That's how I'd like all society to be, but that's just my opinion. As you might be able to tell, it's something I feel quite strongly about and so I'd like to take my personal wealth and give some of it to an organisation that is working towards my perfect society: The British Humanist Association, a member of the International Humanist and Ethical Union. You can read their philosophy here, the Amsterdam Declaration 2002. It's a wonderful sentiment. A while back I was thinking of getting a tattoo on my wrist, I only didn't because I couldn't think of a design I liked that I knew I'd like years later. Right now I'm thinking the Humanism logo, the Happy Human. It'd be like an anti WWJD bracelet, because every time I looked at it I'd think "What would I do? What is ethical and just and right because there is nothing else: I have to make this decision and I have to live with the consequences."
Since this post is ultimately about Charity, let me say this: One argument I've seen many times in defense of religion is the charitable works these organisations call for from their members. Fuck that. People do charity because people are good. I've never done anything in the name of God, so what is it when I give to charity, a fucking accident?
So now that weighty moral dilemma I promised you about two hours ago when I started writing this: Charity is about sacrifice for a greater good. Charity is about taking your own stuff, be it money or time or whatever, and using it to Make Things Better for everyone. As firmly as I stand by humanism, as much as I do believe a diminished role of religion in society will Make Things Better, isn't that money better off going to a more worthwhile charity? And so: what makes a charity worthwhile?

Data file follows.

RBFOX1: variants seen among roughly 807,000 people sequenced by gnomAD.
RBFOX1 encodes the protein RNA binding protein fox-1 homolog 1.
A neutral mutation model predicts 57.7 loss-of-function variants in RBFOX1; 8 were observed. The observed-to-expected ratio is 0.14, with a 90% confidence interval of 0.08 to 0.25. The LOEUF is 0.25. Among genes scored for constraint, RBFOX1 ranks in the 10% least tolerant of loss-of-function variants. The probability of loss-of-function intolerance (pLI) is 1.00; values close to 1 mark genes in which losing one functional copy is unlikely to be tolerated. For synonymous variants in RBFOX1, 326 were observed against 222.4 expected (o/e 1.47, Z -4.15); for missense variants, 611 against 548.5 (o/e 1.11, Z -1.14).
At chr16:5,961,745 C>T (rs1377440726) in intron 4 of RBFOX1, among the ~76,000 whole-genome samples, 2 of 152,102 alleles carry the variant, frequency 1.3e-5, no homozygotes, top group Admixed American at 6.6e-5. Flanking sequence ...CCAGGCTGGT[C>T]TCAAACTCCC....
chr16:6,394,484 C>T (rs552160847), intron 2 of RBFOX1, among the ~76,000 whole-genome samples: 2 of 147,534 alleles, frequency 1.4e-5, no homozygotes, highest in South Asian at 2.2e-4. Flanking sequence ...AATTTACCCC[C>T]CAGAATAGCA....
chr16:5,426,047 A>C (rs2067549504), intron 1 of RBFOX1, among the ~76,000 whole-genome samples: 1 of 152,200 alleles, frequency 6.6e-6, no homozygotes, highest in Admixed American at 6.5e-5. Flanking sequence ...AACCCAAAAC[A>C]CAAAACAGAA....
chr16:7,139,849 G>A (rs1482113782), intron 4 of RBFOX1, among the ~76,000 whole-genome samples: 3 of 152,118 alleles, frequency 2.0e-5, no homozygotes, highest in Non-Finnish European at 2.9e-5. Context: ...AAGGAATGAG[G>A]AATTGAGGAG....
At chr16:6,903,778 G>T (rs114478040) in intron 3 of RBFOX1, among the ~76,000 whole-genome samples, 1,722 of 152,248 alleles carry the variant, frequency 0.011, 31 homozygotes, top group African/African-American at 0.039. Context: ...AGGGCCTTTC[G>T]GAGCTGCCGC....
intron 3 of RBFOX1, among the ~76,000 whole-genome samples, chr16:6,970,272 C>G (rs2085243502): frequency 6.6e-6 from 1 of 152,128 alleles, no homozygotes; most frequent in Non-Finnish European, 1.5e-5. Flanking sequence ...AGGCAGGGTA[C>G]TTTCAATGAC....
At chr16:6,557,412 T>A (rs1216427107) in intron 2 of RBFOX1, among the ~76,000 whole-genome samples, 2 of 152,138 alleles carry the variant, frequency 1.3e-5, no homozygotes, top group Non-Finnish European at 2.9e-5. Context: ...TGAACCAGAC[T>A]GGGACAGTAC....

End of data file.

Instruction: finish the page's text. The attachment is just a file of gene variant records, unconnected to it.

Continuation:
The NSPCC do good work. If you're not aware of them, the NSPCC are a British charity, the National Society for the Prevention of Cruelty to Children. One of the many wonderful things they've done is set up Childline, a number (0800 1111) any child who is a victim of bullying or abuse or any form of cruelty can dial to speak to someone who will listen and who will help. I don't care who you turn to to define right and wrong: God, Kant, whatever, I think we can all agree that child abuse is capital 'w' Wrong. It's Bad. It's Evil and seeking to prevent it is good, it Makes Things Better.
I can't say the same for Secular Humanism. Sure I think it's good, sure I think it'll Make Things Better but despite the many atrocities religious dogma is responsible for, I can't say that religion is Evil. It may be wrong, but it's not Wrong. Can I take a portion of this money I've set aside to Make Things Better and give it to a political force, an opinion, an ideology? There's Child Abuse and Animal Cruelty and AIDs and Cancer and Heart Disease. There's Oxfam and Amnesty International. There's mental and physical disabilities, there's victims of wars and famines and natural disasters and I think all those things are undeniably worthy causes yet despite all this it's God, who I don't even believe in, that's pissing me off.